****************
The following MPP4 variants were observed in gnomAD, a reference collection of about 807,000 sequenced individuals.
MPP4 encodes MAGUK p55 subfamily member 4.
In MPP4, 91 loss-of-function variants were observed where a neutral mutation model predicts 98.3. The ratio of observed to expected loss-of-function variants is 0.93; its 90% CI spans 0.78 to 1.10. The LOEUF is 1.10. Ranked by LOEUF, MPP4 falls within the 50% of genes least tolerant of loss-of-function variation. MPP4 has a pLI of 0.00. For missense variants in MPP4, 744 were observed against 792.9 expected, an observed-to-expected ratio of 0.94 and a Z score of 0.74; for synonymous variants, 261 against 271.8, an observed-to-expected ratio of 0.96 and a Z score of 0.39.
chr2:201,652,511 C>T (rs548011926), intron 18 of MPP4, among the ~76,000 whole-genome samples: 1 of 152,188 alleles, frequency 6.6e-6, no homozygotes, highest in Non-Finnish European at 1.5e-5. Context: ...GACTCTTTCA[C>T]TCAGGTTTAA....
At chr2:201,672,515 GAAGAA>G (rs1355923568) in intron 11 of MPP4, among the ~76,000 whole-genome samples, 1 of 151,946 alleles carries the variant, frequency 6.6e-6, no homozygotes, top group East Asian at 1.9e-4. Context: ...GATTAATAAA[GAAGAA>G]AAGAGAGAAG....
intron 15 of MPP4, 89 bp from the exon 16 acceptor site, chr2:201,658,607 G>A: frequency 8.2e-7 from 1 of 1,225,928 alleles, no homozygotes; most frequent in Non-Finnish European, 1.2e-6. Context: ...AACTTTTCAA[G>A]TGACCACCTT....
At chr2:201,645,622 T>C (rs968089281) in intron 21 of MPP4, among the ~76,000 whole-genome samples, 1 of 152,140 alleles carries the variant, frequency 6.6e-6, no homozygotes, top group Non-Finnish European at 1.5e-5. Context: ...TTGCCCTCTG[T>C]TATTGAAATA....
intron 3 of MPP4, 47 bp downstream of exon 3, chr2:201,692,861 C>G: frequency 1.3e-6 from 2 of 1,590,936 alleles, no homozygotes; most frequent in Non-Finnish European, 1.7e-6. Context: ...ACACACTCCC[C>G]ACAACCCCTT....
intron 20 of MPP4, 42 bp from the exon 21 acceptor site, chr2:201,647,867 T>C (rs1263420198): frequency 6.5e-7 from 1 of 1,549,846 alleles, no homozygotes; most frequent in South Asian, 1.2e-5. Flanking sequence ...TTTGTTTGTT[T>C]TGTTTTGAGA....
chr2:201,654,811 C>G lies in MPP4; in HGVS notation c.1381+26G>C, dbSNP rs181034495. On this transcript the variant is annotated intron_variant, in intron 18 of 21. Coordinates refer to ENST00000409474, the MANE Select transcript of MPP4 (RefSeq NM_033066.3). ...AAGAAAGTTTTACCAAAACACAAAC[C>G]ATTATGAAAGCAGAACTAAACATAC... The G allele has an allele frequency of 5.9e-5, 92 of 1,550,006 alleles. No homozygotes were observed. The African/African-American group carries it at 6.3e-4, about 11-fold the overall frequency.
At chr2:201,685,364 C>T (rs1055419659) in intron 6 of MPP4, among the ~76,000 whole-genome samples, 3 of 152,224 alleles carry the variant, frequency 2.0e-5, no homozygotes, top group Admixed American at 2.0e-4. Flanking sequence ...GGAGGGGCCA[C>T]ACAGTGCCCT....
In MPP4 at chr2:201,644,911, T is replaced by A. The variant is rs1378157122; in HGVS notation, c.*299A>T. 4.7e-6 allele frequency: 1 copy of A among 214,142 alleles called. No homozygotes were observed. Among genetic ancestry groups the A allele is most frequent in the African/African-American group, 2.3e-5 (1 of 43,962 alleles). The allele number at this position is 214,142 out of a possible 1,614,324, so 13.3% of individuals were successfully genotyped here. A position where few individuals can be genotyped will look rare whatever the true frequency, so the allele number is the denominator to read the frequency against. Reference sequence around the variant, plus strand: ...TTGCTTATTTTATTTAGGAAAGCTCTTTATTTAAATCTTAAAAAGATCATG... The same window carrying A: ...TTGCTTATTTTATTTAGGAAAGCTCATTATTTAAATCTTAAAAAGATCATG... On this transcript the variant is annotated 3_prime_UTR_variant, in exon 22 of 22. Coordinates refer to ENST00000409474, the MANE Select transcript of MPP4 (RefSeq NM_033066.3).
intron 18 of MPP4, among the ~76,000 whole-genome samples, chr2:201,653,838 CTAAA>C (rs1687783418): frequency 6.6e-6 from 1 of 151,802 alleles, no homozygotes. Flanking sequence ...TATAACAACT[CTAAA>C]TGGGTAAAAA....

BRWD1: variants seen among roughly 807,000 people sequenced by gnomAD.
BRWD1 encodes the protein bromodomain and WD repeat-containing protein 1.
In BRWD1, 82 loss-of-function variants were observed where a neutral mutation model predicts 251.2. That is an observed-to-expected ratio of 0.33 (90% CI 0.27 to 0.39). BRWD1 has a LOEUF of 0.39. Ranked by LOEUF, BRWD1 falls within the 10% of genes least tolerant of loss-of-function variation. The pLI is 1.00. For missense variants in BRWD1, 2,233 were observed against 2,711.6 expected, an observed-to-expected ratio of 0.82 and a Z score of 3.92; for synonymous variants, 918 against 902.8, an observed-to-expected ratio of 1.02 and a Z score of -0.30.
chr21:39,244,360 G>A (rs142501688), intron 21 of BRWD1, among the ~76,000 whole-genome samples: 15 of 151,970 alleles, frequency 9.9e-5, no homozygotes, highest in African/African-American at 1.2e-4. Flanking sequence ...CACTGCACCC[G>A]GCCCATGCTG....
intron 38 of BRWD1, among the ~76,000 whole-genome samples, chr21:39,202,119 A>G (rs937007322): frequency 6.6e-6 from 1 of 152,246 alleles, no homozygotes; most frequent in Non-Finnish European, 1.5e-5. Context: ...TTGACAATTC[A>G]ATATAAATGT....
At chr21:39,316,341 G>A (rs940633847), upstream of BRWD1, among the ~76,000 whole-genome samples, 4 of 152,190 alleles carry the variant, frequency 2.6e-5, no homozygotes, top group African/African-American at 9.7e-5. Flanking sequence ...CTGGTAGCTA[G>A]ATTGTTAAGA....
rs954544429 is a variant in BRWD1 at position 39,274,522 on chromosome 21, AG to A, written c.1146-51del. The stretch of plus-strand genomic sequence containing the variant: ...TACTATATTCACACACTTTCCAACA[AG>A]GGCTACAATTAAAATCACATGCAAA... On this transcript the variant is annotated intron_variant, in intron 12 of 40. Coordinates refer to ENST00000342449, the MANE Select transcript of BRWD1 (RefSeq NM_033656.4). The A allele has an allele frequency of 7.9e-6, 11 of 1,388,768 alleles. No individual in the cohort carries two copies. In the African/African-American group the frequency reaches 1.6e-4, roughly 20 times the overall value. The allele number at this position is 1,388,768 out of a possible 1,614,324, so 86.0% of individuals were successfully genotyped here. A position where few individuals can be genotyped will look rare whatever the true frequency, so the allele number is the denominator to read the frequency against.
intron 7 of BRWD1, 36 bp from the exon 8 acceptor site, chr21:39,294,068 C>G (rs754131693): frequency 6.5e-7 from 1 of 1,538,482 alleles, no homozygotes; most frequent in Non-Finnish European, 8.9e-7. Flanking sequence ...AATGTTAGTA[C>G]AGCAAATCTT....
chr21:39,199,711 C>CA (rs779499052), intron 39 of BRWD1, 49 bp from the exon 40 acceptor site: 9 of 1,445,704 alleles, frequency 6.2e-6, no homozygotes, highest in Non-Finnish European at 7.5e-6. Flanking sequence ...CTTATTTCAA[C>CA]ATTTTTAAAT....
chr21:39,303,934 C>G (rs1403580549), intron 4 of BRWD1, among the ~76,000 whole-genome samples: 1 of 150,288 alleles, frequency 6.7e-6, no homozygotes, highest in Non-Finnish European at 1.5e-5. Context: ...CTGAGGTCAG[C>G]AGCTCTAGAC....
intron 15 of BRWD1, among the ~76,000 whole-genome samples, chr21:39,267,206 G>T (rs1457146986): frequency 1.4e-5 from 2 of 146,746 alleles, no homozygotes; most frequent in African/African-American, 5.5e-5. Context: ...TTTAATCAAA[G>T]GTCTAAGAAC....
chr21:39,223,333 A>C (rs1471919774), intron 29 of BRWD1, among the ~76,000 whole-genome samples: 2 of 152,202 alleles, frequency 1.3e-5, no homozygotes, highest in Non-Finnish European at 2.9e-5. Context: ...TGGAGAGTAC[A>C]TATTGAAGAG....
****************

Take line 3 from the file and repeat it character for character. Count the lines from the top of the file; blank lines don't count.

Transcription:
In MPP4, 91 loss-of-function variants were observed where a neutral mutation model predicts 98.3. The ratio of observed to expected loss-of-function variants is 0.93; its 90% CI spans 0.78 to 1.10. The LOEUF is 1.10. Ranked by LOEUF, MPP4 falls within the 50% of genes least tolerant of loss-of-function variation. MPP4 has a pLI of 0.00. For missense variants in MPP4, 744 were observed against 792.9 expected, an observed-to-expected ratio of 0.94 and a Z score of 0.74; for synonymous variants, 261 against 271.8, an observed-to-expected ratio of 0.96 and a Z score of 0.39.